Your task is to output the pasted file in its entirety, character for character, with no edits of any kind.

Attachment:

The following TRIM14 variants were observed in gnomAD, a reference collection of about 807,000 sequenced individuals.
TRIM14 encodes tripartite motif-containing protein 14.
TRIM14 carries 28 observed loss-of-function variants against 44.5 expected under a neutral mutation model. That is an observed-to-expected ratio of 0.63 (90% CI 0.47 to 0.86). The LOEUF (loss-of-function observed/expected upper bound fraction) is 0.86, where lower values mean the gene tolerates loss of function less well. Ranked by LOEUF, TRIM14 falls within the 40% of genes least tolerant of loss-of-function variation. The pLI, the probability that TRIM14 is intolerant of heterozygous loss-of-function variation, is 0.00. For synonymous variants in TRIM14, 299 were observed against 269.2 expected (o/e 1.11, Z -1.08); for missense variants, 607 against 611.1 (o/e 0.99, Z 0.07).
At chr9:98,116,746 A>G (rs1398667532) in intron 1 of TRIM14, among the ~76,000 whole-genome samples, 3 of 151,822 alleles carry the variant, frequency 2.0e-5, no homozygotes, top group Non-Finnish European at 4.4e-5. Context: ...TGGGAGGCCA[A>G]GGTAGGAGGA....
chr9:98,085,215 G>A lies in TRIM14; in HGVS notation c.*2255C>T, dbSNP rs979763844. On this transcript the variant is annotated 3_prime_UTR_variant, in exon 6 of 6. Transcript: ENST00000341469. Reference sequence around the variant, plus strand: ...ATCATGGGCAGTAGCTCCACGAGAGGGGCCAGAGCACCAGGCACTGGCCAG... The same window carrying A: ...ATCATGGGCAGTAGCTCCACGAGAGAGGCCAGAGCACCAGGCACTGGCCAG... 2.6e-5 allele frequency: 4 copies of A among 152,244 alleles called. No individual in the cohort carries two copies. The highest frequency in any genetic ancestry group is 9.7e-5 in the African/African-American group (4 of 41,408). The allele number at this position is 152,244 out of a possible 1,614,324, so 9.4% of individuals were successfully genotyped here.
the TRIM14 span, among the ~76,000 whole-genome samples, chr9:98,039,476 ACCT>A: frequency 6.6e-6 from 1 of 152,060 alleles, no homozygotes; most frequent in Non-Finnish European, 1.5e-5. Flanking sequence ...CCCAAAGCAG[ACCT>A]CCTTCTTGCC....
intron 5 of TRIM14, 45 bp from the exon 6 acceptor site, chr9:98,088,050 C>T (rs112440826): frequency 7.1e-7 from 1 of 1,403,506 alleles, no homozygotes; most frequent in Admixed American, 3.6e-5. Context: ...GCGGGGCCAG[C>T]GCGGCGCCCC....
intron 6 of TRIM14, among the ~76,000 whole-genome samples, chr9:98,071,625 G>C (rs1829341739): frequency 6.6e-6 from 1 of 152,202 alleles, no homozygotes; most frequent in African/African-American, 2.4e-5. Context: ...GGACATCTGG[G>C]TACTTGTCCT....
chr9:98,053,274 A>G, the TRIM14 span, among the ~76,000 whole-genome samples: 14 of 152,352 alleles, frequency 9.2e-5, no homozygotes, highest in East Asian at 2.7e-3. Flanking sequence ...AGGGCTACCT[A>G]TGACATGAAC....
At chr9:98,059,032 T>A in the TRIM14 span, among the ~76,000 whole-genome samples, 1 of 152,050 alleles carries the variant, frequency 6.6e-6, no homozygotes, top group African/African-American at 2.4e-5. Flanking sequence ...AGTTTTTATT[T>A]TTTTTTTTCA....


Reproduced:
The following TRIM14 variants were observed in gnomAD, a reference collection of about 807,000 sequenced individuals.
TRIM14 encodes tripartite motif-containing protein 14.
TRIM14 carries 28 observed loss-of-function variants against 44.5 expected under a neutral mutation model. That is an observed-to-expected ratio of 0.63 (90% CI 0.47 to 0.86). The LOEUF (loss-of-function observed/expected upper bound fraction) is 0.86, where lower values mean the gene tolerates loss of function less well. Ranked by LOEUF, TRIM14 falls within the 40% of genes least tolerant of loss-of-function variation. The pLI, the probability that TRIM14 is intolerant of heterozygous loss-of-function variation, is 0.00. For synonymous variants in TRIM14, 299 were observed against 269.2 expected (o/e 1.11, Z -1.08); for missense variants, 607 against 611.1 (o/e 0.99, Z 0.07).
At chr9:98,116,746 A>G (rs1398667532) in intron 1 of TRIM14, among the ~76,000 whole-genome samples, 3 of 151,822 alleles carry the variant, frequency 2.0e-5, no homozygotes, top group Non-Finnish European at 4.4e-5. Context: ...TGGGAGGCCA[A>G]GGTAGGAGGA....
chr9:98,085,215 G>A lies in TRIM14; in HGVS notation c.*2255C>T, dbSNP rs979763844. On this transcript the variant is annotated 3_prime_UTR_variant, in exon 6 of 6. Transcript: ENST00000341469. Reference sequence around the variant, plus strand: ...ATCATGGGCAGTAGCTCCACGAGAGGGGCCAGAGCACCAGGCACTGGCCAG... The same window carrying A: ...ATCATGGGCAGTAGCTCCACGAGAGAGGCCAGAGCACCAGGCACTGGCCAG... 2.6e-5 allele frequency: 4 copies of A among 152,244 alleles called. No individual in the cohort carries two copies. The highest frequency in any genetic ancestry group is 9.7e-5 in the African/African-American group (4 of 41,408). The allele number at this position is 152,244 out of a possible 1,614,324, so 9.4% of individuals were successfully genotyped here.
the TRIM14 span, among the ~76,000 whole-genome samples, chr9:98,039,476 ACCT>A: frequency 6.6e-6 from 1 of 152,060 alleles, no homozygotes; most frequent in Non-Finnish European, 1.5e-5. Flanking sequence ...CCCAAAGCAG[ACCT>A]CCTTCTTGCC....
intron 5 of TRIM14, 45 bp from the exon 6 acceptor site, chr9:98,088,050 C>T (rs112440826): frequency 7.1e-7 from 1 of 1,403,506 alleles, no homozygotes; most frequent in Admixed American, 3.6e-5. Context: ...GCGGGGCCAG[C>T]GCGGCGCCCC....
intron 6 of TRIM14, among the ~76,000 whole-genome samples, chr9:98,071,625 G>C (rs1829341739): frequency 6.6e-6 from 1 of 152,202 alleles, no homozygotes; most frequent in African/African-American, 2.4e-5. Context: ...GGACATCTGG[G>C]TACTTGTCCT....
chr9:98,053,274 A>G, the TRIM14 span, among the ~76,000 whole-genome samples: 14 of 152,352 alleles, frequency 9.2e-5, no homozygotes, highest in East Asian at 2.7e-3. Flanking sequence ...AGGGCTACCT[A>G]TGACATGAAC....
At chr9:98,059,032 T>A in the TRIM14 span, among the ~76,000 whole-genome samples, 1 of 152,050 alleles carries the variant, frequency 6.6e-6, no homozygotes, top group African/African-American at 2.4e-5. Flanking sequence ...AGTTTTTATT[T>A]TTTTTTTTCA....